Ref: https://news.slashdot.org/story/17/08/0 ... ng-service
Disney these days is a lot more than kids movies. They own the Star Wars and Marvel franchises, for instance, and tons of mainstream movies along with their back catalog.
I find the size of the investment and the tech angle to be interesting:
Disney’s streaming service will be built off technology from BAMTech, the MLB-founded video streaming platform. Disney was already a major investor in BAMTech, and today it’s making an even bigger investment — of $1.58 billion — giving it a 75 percent stake in the company. The acquisition still requires regulatory approval.
I also read on Twitter that Wall Street has reacted negatively.
Commenters are saying that we may be getting to the "tipping point" where people are OK with having a small number of paid subscription services but are going to get overwhelmed with subscribing to all these different silos. I agree with that. Others are saying that people might be making an exception for Disney, because they do have a lot of content and parents will do almost anything to keep their kiddies amused except spend more of their own time keeping the kiddies amused. I kind of agree with that. I think Disney has the content, the branding and now the tech to pull it off. On the other hand, Disney has the track record of charging dearly for everything they do.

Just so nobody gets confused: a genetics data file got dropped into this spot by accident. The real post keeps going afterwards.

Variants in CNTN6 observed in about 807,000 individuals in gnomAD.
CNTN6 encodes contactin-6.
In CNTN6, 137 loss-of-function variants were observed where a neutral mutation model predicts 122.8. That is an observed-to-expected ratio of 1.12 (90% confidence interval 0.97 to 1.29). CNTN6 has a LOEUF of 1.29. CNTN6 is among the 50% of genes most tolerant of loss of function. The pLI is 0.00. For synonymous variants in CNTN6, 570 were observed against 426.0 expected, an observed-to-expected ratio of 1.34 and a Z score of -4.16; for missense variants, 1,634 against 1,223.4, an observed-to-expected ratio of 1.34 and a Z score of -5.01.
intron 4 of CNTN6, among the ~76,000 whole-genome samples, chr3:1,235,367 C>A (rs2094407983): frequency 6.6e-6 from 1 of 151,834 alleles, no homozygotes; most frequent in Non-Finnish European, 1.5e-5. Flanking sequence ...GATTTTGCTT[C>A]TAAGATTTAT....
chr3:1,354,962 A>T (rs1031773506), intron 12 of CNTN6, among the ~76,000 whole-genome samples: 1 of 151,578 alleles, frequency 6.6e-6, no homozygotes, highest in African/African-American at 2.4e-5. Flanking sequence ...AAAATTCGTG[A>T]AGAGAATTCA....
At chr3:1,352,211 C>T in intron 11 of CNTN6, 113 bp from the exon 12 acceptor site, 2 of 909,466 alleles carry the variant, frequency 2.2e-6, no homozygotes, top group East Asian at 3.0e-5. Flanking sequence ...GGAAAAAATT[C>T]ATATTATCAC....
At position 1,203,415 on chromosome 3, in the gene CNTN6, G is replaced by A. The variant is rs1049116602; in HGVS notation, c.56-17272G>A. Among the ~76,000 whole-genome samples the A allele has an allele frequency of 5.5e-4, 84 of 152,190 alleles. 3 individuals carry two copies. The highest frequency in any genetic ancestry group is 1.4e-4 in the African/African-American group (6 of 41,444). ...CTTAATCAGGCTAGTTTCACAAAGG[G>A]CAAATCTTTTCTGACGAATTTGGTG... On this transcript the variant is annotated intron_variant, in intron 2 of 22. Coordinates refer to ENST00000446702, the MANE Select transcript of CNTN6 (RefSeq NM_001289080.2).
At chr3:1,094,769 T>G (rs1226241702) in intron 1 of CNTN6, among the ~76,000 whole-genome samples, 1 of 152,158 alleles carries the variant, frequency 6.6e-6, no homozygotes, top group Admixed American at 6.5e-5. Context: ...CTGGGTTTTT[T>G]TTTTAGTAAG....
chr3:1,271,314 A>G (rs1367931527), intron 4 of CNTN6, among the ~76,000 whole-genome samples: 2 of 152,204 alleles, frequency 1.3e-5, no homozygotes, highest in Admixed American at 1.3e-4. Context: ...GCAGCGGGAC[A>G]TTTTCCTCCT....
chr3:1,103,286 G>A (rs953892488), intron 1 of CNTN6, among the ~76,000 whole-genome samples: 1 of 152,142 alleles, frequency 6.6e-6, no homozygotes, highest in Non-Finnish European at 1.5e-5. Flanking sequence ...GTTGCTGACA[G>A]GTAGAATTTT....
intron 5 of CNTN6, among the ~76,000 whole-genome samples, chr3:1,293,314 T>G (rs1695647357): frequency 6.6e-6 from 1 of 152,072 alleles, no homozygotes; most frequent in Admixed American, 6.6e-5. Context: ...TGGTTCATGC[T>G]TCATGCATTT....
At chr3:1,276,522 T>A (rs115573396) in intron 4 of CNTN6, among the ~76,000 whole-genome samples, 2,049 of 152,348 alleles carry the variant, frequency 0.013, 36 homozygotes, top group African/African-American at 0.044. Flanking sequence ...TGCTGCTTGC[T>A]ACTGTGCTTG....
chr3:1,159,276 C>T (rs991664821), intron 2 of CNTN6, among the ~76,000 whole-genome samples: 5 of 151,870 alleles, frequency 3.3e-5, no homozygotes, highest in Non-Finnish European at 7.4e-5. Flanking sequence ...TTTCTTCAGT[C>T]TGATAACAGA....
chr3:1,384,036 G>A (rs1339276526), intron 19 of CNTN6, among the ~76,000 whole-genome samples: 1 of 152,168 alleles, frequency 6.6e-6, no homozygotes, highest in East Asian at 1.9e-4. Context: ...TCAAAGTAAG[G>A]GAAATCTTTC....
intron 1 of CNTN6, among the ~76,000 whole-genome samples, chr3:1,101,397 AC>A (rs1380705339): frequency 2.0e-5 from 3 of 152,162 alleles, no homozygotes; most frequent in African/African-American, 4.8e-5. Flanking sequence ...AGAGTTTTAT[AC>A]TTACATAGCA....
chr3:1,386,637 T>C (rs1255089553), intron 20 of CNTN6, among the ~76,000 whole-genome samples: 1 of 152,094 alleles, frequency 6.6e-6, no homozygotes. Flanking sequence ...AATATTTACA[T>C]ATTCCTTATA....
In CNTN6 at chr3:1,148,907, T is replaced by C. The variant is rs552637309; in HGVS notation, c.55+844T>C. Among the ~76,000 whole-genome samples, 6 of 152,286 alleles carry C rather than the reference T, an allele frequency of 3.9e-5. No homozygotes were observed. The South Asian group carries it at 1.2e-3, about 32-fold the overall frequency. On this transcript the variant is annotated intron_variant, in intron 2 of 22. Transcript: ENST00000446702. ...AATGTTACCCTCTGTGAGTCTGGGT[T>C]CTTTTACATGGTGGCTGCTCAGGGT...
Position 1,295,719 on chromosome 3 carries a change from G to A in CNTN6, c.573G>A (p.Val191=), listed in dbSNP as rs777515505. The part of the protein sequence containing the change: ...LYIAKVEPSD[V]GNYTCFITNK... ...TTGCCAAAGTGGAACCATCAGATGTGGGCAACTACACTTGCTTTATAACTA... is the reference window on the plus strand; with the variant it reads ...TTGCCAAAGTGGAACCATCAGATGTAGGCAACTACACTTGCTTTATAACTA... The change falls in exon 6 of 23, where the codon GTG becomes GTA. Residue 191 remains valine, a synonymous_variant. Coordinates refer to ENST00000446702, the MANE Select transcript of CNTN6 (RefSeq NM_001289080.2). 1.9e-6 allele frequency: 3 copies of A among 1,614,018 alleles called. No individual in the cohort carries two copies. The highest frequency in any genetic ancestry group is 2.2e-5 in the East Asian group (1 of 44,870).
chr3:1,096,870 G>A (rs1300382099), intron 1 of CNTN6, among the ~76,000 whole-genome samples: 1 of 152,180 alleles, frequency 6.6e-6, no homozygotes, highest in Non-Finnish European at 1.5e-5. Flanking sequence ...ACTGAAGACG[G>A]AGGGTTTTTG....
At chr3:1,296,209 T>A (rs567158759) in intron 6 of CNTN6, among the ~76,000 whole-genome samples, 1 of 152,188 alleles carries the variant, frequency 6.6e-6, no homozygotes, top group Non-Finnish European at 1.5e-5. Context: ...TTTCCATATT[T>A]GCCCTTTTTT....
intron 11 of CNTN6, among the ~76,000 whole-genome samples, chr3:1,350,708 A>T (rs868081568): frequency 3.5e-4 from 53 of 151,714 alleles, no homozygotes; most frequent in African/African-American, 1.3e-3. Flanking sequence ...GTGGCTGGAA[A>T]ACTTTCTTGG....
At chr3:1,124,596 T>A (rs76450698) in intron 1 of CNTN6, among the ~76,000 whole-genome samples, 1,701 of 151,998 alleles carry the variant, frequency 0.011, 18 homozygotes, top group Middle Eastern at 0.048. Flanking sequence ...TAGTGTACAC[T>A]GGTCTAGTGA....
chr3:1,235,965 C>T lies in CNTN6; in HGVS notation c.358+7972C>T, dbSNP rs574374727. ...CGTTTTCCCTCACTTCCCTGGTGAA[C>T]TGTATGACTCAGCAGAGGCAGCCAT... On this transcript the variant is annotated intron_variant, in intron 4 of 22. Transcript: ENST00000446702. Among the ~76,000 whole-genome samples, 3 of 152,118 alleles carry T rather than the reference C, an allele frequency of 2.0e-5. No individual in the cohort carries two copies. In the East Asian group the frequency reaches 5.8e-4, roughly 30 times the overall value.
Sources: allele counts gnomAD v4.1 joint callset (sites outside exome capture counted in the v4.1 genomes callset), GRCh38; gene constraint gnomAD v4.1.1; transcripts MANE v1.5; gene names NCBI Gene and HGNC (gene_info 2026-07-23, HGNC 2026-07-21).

Another thing being mentioned is that Disney (parent company of ESPN) will set up its own ESPN streaming channels. Not sure how those will overlap with ESPN on cable. It's tricky territory because content providers usually don't offer their streaming rights along with the cable TV rights.
So, going forward, how many subscription services do you think you'll be carrying after Disney leaves Netflix?
For me, I still see Netflix, Amazon Prime and not Disney as paid services. Unpaid stuff I use a lot is YouTube and PBS.
In the future I can picture myself getting some sort of NFL streaming service if the over-the-air content disappears and if it's not too expensive. Time will tell on that. NFL is used to living high off the hog, and it's going to be ugly if/when they have to get used to a different kind of revenue stream.